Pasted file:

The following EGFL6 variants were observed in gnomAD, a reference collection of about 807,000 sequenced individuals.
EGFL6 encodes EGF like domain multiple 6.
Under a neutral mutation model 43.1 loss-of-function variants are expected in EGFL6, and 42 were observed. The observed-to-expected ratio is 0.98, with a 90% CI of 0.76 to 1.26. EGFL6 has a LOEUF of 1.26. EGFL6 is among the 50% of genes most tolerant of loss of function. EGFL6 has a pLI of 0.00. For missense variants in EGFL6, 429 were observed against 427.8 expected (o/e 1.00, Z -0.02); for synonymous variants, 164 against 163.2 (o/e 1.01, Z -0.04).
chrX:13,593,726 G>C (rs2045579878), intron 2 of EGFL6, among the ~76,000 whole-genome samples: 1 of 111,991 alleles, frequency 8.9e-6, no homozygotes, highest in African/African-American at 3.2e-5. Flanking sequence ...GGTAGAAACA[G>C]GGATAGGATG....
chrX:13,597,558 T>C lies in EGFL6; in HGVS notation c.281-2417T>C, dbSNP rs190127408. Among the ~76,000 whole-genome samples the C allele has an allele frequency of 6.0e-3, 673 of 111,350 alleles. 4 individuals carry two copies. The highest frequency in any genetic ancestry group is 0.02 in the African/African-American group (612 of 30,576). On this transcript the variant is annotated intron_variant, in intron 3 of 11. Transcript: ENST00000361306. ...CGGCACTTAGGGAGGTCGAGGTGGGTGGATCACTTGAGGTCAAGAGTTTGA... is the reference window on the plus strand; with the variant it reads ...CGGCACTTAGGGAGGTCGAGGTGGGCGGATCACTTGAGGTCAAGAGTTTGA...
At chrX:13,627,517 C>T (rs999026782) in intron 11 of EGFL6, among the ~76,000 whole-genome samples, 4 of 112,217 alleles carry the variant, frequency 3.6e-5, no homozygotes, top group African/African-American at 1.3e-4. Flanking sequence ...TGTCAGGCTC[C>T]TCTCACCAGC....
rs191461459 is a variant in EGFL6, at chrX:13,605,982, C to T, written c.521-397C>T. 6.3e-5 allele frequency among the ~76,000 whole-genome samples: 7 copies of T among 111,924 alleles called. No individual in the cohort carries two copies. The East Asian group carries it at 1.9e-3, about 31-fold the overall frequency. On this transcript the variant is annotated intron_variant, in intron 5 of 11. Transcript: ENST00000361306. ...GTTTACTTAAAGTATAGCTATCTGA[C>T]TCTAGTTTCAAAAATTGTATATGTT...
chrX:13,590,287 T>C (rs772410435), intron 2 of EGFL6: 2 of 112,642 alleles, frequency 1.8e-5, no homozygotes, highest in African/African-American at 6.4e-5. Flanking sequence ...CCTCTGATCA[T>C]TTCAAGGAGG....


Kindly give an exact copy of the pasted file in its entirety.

The following EGFL6 variants were observed in gnomAD, a reference collection of about 807,000 sequenced individuals.
EGFL6 encodes EGF like domain multiple 6.
Under a neutral mutation model 43.1 loss-of-function variants are expected in EGFL6, and 42 were observed. The observed-to-expected ratio is 0.98, with a 90% CI of 0.76 to 1.26. EGFL6 has a LOEUF of 1.26. EGFL6 is among the 50% of genes most tolerant of loss of function. EGFL6 has a pLI of 0.00. For missense variants in EGFL6, 429 were observed against 427.8 expected (o/e 1.00, Z -0.02); for synonymous variants, 164 against 163.2 (o/e 1.01, Z -0.04).
chrX:13,593,726 G>C (rs2045579878), intron 2 of EGFL6, among the ~76,000 whole-genome samples: 1 of 111,991 alleles, frequency 8.9e-6, no homozygotes, highest in African/African-American at 3.2e-5. Flanking sequence ...GGTAGAAACA[G>C]GGATAGGATG....
chrX:13,597,558 T>C lies in EGFL6; in HGVS notation c.281-2417T>C, dbSNP rs190127408. Among the ~76,000 whole-genome samples the C allele has an allele frequency of 6.0e-3, 673 of 111,350 alleles. 4 individuals carry two copies. The highest frequency in any genetic ancestry group is 0.02 in the African/African-American group (612 of 30,576). On this transcript the variant is annotated intron_variant, in intron 3 of 11. Transcript: ENST00000361306. ...CGGCACTTAGGGAGGTCGAGGTGGGTGGATCACTTGAGGTCAAGAGTTTGA... is the reference window on the plus strand; with the variant it reads ...CGGCACTTAGGGAGGTCGAGGTGGGCGGATCACTTGAGGTCAAGAGTTTGA...
At chrX:13,627,517 C>T (rs999026782) in intron 11 of EGFL6, among the ~76,000 whole-genome samples, 4 of 112,217 alleles carry the variant, frequency 3.6e-5, no homozygotes, top group African/African-American at 1.3e-4. Flanking sequence ...TGTCAGGCTC[C>T]TCTCACCAGC....
rs191461459 is a variant in EGFL6, at chrX:13,605,982, C to T, written c.521-397C>T. 6.3e-5 allele frequency among the ~76,000 whole-genome samples: 7 copies of T among 111,924 alleles called. No individual in the cohort carries two copies. The East Asian group carries it at 1.9e-3, about 31-fold the overall frequency. On this transcript the variant is annotated intron_variant, in intron 5 of 11. Transcript: ENST00000361306. ...GTTTACTTAAAGTATAGCTATCTGA[C>T]TCTAGTTTCAAAAATTGTATATGTT...
chrX:13,590,287 T>C (rs772410435), intron 2 of EGFL6: 2 of 112,642 alleles, frequency 1.8e-5, no homozygotes, highest in African/African-American at 6.4e-5. Flanking sequence ...CCTCTGATCA[T>C]TTCAAGGAGG....